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An Artist’s Notebook of Sorts

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Weak XXVIII

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9 July 2014

gratuitous image

No. 9,226 (cartoon)

I don’t want to live, but I don’t want to die either.

That’s fine; you’re not very good at either.

10 July 2014

True Texan Patriot’s Critique

“True Lone Star Patriot” sent me a stinging review of my May travel notes from Texas. The critic, who had the courage to remain anonymous, described my stories as, “nothing but whorey clichets and racist Yankee dribble.”

I’m guessing s/he meant “hoary clichés” and “drivel,” not “dribble.” After all, illiteracy and misspellings are common, especially in Texas. (Sorry, True Lone Star Patriot, I couldn’t resist getting your dandruff up.) No, what struck me about the note was the premise that Texans are a separate race. Perhaps that’s one thing on which True Lone Star Patriot and I can agree.

11 July 2014

Gabba Gabba Goodbye

Musical partnerships usually don’t last that long, and I think that’s generally a good thing. One of the reasons I remain fond of Derek and the Dominos is that the group produced only one release, and thus never got around to making a crappy one. And I’m impressed that Robert Plant is exploring new sonic horizons rather than making a bajillion dollars singing what he called “the wedding song” (Stairway to Heaven) all the way to the bank. And so on and so forth.

When bands reunite after disbanding, it’s even worse. I’m thinking of Erdelyi Tamas; he died today. Tamas is perhaps most widely recognized by his nom de pandemonium, Tommy Ramone. Tommy was the last living member of the original group; Ramones don’t live very long.

They most certainly were “all revved up and ready to go,” and now they’re all gone. As Kurt Vonneget so presciently observed, “So it goes.” And/or went.

12 July 2014

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For As Little As a Hamurger

I received a solicitation for burial life insurance; what a great model for a scam! When I die and the company leaves me decomposing by the side of the road instead of burying me, am I going to sue? I am not; I’m just going to rot. Perfect!

Although I didn’t investigate the dubious advertisement, it appeared to be from an anonymous foreign company. A young Asian woman looks skeptically at a five-tiered un-American-looking sandwich with the offer, Burial Life Insurance for as little as a Hamurger [sic]. I hope the charlatans find my typographical errors and misspellings as amusing as I find theirs.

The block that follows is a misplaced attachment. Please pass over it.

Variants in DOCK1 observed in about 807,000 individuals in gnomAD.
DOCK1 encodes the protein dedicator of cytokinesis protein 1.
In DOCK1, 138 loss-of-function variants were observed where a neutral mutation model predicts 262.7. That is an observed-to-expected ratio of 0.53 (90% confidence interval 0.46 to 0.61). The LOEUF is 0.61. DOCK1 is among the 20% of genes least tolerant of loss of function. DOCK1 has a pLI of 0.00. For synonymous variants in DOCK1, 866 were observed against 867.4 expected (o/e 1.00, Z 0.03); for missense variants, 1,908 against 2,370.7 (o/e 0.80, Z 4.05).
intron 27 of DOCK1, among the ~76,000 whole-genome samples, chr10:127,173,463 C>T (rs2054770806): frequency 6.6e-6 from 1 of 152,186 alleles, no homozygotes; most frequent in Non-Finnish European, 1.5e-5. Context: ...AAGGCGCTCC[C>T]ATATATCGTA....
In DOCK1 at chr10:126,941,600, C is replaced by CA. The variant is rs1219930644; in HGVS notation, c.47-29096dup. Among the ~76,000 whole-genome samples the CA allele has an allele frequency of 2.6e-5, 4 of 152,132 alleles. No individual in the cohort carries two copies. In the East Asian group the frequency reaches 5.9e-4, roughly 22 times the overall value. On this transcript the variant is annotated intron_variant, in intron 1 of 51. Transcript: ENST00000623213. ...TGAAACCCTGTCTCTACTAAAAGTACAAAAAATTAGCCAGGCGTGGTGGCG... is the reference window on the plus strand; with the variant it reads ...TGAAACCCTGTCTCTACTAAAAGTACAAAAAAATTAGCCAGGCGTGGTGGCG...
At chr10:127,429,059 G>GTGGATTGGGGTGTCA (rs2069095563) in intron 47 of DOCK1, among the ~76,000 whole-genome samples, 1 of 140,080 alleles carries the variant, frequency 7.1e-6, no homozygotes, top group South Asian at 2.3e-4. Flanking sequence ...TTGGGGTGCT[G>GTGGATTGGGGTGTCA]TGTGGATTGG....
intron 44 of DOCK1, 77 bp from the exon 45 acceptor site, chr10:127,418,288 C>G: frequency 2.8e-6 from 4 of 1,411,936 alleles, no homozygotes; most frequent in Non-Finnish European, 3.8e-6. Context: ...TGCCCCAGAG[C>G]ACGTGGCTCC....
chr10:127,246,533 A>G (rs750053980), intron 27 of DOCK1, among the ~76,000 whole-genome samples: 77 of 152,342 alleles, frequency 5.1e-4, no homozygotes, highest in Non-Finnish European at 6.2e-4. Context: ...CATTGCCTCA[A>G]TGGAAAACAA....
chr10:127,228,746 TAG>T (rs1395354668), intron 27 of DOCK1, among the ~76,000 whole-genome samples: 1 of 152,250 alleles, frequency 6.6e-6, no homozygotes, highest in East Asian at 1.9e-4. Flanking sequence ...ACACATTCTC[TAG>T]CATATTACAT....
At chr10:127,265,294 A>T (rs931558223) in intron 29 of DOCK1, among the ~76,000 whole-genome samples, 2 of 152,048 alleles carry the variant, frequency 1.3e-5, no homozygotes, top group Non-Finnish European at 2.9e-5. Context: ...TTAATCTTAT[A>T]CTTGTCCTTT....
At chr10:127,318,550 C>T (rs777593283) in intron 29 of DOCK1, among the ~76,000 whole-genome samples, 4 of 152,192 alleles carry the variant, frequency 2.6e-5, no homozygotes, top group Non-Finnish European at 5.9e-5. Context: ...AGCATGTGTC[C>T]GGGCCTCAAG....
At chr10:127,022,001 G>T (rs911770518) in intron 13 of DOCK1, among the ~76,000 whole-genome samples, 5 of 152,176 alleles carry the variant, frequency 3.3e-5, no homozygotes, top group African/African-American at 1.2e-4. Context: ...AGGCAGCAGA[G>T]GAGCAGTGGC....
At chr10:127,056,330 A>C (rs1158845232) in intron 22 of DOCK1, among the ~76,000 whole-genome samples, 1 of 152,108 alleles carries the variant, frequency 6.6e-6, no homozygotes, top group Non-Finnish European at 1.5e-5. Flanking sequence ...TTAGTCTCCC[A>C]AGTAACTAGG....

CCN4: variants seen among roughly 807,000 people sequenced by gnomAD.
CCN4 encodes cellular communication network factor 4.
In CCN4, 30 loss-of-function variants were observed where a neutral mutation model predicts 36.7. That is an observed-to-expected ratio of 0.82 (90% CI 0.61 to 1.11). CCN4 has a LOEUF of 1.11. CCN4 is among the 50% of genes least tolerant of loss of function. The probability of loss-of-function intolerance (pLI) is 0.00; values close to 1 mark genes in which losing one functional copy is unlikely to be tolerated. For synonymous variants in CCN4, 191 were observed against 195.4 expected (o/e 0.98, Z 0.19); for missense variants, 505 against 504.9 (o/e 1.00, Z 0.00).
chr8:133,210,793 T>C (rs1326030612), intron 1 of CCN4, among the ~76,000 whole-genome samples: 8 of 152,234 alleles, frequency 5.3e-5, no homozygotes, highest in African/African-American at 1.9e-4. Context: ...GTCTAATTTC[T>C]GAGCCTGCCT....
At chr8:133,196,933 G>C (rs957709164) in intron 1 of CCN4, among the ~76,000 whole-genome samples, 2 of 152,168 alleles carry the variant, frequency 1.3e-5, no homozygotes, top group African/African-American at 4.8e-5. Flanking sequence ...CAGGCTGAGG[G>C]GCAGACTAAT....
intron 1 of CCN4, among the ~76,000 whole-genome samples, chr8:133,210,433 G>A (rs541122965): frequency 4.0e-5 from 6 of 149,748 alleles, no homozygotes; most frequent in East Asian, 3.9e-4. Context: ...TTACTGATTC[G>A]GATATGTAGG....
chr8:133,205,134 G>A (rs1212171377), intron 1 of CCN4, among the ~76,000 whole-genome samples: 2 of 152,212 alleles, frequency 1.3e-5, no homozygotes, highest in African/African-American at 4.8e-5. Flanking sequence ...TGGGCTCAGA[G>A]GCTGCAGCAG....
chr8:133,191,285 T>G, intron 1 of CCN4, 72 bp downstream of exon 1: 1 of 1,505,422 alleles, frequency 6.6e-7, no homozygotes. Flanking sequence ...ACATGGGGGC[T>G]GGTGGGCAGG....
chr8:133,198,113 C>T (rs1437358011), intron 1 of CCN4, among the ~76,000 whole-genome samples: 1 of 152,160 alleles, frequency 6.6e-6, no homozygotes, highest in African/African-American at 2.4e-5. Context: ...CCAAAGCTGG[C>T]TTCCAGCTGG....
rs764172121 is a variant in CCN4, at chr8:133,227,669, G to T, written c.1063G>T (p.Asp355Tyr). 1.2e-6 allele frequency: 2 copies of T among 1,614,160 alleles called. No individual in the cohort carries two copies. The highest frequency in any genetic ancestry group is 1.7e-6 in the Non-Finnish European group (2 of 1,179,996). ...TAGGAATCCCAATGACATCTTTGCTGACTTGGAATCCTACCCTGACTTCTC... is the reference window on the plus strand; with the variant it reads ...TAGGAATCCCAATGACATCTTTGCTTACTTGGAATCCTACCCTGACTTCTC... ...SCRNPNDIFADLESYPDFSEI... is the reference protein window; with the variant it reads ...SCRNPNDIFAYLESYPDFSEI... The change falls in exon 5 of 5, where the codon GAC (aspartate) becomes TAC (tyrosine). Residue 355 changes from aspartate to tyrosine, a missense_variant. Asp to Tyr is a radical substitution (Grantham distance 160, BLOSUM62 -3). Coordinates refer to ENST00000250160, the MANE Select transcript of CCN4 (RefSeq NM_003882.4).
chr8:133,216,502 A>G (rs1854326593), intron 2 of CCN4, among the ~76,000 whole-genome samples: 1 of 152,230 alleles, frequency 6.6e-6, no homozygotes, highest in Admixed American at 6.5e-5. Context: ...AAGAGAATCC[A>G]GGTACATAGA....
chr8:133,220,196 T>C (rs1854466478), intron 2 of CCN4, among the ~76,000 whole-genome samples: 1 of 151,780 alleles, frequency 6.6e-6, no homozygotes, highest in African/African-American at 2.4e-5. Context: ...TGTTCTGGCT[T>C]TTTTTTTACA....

13 July 2014

Not Painting Nature

Julian told me that painting nature is the easiest way for an artist to make money. That was such a stupid idea I couldn’t resist trying it, even though I have all the money I need. I thought I’d start by painting roses, because they’re popular with the hoi polloi, and because the rose garden in Golden Gate Park is just down the street from me.

I didn’t get far.

A policewoman spotted me about to engage in the creative process, confiscated my large can of spray paint, and threatened to arrest me if she caught me again. Just my luck to run into a philistine. I think black enamel roses would be a wonderful sight; I’ll suggest to Julian that he should paint some when the constabulary isn’t around.

14 July 2014

Failing to Resist Temptation

I interrupted Sandra while she was telling me a story that was even more tedious than it was long, or perhaps the other way around.

“What an interesting story!” I lied. “Just tell me how it ends; I can’t wait.”

“How should I know?” She replied. “I’m still making it up. How do you want it to end?”

I resisted the temptation to reply, “immediately.” As always, resisting temptation proved to be a bad idea.

15 July 2014

Hearing Is Disbelieving

Randall told me that he knows less than nothing about audio. I was skeptical about the idea of negative knowledge until I listened to one of his recent recordings; it sounded like coagulated phonic sludge with a faint, irregular pulse. Hearing is disbelieving.

“How can you possibly make something that abysmal?” I asked.

“I have no idea,” Randall replied with a smile, “it’s my gift.”

16 July 2014

Prediction and Attribution Difficulties

A few weeks ago, I quoted Niels Bohr’s remark, “Prediction is very difficult, especially about the future.” That turned out to be a controversial statement, or, more accurately, a contentious attribution. Both dear friends and complete strangers wrote to suggest that the observation should be credited to—in alphabetical order—Woody Allen, Yogi Berra, Victor Borge, Vint Cerf, Confucius, Winston Churchill, Cecil B. DeMille, Freeman Dyson, Albert Einstein, Enrico Fermi, Sam Goldwyn, Robert Storm Petersen, Groucho Marx, Will Rogers, George Bernard Shaw, Casey Stengel, or Mark Twain.

When it comes to scholarly accuracy in general and all those damn footnotes in particular, my position remains unchanged and unwavering: I don’t care. Let me be the first to note that attribution is very difficult, especially about the past.

Stare.

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©2014 David Glenn Rinehart

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